Despite the best intentions of Madison Avenue, a company’s brand is elevated primarily through two areas: social media, and customer reviews. This reality takes control of brand value at least one step away from the marketer, pushing control closer to the customer, who has become the ultimate arbiter of whether a company’s products, services, and very existence is worthy of attention.
Brands leveraging social engagement need to understand the engagement value of individual influencers through metrics such as the Klout Score, which ranks how much influence an individual has, as well as the Geosocial Index, which ranks social activity at specific locations. The latter ranks venues based on public social media activity. The Geosocial Index serves as a benchmark when testing new engagement strategies – a successful strategy should translate into an increase in the Index score. In addition, since the index is standardized, it can also be used to rank against competitors, for example, a hotel brand can compare its own index against the index of competing hotels in the same area.
The guidance provided by such indices, together with an active campaign of direct engagement, is rapidly replacing the often inaccurate strategy of close management of user reviews. While it remains essential for brands to monitor and respond to reviews, review platforms often suffer from inaccuracies, and sometimes a “mob mentality” can take over and cause irreparable harm. “Astroturfing” – the practice of writing and placing fake reviews – is also prevalent, and algorithms often require a relatively small number of positive recent reviews to boost rank. Also, since only a small percentage of patrons actually leave reviews, the representative sample size tends to skew the results.
Most recently, the ease with which review sites can be gamed was seen when a VICE reporter created a fake restaurant, and successfully positioned his non-existent restaurant as the top-rated venue in London.
Getting key influencers to be brand champions is key, but this can be difficult to achieve. Encouraging a customer to leave a positive review is straightforward and legitimate, but paying them to do so crosses a line, and the FTC has taken aggressive action to force influencers to disclose any relationships they have to the brands they may be endorsing on social media. Furthermore, the disclosure has to be conspicuous: In an FTC letter to several influencers, the agency said, “Consumers viewing posts in their Instagram streams on mobile devices typically see only the first three lines of a longer post unless they click ‘more,’ and many consumers may not click ‘more.’ Therefore, you should disclose any material connection above the ‘more’ button.”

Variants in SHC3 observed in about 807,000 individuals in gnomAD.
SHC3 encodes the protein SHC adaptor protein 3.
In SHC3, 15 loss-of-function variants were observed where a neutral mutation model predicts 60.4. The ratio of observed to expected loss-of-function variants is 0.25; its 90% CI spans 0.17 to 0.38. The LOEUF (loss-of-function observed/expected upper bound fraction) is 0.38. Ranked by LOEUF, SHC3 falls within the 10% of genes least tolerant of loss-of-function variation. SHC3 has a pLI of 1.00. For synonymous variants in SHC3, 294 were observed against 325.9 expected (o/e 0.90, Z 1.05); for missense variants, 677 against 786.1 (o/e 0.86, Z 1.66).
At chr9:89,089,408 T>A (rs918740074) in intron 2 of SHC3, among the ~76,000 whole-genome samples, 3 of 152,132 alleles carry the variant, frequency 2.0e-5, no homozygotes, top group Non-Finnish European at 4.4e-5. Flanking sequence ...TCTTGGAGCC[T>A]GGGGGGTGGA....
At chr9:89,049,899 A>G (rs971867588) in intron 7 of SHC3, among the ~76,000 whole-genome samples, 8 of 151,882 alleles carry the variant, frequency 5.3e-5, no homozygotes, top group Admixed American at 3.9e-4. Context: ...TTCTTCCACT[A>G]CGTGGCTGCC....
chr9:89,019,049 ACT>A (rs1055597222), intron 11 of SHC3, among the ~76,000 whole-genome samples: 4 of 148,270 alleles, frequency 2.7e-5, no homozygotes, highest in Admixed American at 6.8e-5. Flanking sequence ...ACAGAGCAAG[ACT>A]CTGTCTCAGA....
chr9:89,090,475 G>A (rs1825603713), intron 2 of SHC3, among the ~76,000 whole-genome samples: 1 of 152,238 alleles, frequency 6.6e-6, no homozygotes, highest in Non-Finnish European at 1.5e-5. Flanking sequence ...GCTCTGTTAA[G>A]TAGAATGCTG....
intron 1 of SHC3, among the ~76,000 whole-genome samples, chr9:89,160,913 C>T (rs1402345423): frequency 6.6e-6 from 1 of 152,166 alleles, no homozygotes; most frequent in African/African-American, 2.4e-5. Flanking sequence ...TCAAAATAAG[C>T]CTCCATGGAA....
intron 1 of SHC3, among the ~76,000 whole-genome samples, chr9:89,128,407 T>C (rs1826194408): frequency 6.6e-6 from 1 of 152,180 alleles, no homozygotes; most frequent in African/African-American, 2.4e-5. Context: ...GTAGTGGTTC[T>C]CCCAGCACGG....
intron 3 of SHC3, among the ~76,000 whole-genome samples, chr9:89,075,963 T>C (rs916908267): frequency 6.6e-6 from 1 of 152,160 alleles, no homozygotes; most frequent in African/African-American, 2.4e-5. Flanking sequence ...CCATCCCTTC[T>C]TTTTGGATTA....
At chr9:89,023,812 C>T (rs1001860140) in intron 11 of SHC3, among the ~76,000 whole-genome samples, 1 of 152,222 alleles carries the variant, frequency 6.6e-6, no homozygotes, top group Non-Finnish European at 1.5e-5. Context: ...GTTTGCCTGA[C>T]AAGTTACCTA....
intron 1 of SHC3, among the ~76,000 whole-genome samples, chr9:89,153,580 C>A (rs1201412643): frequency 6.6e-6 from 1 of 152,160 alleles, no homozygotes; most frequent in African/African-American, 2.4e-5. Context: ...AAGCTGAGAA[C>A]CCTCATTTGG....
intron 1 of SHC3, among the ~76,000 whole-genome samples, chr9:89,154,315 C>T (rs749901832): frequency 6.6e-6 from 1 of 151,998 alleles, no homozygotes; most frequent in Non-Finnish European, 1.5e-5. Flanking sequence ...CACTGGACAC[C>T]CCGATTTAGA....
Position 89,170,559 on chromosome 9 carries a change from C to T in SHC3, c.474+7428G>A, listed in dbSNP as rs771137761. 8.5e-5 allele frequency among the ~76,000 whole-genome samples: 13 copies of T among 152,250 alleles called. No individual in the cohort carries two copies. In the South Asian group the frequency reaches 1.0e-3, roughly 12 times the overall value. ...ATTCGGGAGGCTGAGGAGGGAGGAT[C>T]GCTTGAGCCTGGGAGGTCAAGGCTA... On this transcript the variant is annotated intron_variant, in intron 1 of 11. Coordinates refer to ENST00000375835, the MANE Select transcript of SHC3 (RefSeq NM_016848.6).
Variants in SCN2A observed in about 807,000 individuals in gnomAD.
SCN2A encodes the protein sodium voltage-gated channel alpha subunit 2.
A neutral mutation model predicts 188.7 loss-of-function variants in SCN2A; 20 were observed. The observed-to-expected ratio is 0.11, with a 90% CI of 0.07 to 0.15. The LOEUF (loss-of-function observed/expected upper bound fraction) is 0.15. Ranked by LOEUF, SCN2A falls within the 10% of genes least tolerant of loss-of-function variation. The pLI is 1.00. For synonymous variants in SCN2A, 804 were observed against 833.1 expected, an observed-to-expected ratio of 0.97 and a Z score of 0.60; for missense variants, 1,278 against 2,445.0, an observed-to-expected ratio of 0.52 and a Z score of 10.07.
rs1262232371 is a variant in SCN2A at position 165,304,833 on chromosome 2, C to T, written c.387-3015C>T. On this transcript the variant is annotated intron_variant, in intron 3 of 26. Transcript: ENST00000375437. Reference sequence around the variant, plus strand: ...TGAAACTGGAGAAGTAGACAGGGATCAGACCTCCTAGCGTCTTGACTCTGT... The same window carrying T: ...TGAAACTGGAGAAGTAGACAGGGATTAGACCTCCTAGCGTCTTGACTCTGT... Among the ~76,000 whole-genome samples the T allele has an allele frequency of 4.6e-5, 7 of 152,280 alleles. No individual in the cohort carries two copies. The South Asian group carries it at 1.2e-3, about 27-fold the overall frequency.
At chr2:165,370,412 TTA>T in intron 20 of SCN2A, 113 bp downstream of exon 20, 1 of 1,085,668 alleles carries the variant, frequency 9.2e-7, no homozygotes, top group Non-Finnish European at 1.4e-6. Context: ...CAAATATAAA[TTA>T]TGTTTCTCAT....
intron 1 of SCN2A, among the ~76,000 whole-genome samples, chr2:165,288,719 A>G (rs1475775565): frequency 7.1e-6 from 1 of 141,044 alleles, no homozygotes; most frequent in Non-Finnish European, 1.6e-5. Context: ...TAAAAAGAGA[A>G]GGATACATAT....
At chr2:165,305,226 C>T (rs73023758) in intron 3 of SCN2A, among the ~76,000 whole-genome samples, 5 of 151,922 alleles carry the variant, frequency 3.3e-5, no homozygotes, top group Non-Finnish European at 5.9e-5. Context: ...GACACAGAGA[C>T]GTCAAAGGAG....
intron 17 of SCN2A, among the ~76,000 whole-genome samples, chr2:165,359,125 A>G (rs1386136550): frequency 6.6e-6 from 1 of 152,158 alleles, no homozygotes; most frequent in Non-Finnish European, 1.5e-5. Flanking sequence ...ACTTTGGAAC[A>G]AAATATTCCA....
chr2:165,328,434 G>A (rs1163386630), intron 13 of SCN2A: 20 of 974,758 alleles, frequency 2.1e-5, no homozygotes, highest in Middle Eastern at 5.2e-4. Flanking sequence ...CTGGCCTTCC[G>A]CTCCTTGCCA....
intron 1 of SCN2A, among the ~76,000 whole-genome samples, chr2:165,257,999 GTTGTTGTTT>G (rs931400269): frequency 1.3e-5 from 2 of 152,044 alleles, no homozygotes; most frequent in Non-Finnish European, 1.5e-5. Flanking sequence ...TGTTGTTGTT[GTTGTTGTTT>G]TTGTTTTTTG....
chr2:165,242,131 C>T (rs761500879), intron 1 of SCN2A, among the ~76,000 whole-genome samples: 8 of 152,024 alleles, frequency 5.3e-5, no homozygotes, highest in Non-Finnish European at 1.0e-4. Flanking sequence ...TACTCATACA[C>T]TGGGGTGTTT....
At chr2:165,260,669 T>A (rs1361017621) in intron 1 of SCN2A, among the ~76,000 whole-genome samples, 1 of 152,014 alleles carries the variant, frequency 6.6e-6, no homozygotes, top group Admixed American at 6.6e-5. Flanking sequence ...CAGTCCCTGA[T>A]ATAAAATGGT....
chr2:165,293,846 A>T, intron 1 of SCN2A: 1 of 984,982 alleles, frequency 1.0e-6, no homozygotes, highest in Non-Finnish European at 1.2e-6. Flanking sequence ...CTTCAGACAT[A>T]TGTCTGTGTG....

Potentially even more dangerous than crossing the FTC, is finding that your brand ambassador has crossed a line. Most informal ambassadors simply want to relate their experiences, and this can be a very positive benefit to a brand – but some ambassadors’ main goal is simply to generate as many clicks as possible so they can derive ad money and sponsorships, and do so by engaging in increasingly offensive activities which could reflect poorly on your brand. Real customers, as opposed to the Internet buffoons who make bizarre posts and videos, are the best type of ambassador.
“In the hospitality industry, hotel brands have put social media at the front of their marketing campaigns,” said Chris Rivett, travel expert at HotelsCombined.com. “But simple posting of updates, deals and pictures is only a small part of that – the greatest success comes when those brands use social media as a means to communicate directly with their guests, and monitor what’s being said online.”
That sort of monitoring tends to be labor-intensive, but worthwhile. Those venues with the highest geosocial index, which reflects a multiplier of social activity measured against similar venues, do take the time required to engage. In a recent measure of venues with the highest geosocial indices in the country, the Bellagio (Las Vegas), The Beverly Hilton (Beverly Hills), and The Venetian (Las Vegas) were the top three, and all have personnel actively responding to online reviews.
Marriott’s corporate headquarters for example, has a control room with a dozen employees, doing nothing but reading social media posts and joining the social conversation when it is appropriate. The hotel chain uses a platform called HYP3R, a real-time engagement platform that gathers all social activity from a location. Managers can then answer the question, “Who’s talking about us right now?” And knowing that, they can engage in almost real time.
Cultivating brand ambassadors is by design, more complicated and more time-consuming than simply engaging Madison Avenue to create and place television commercials, and the process is rife with minefields – but the potential rewards are tremendous, and the process has become a must-have for almost any brand’s marketing campaign.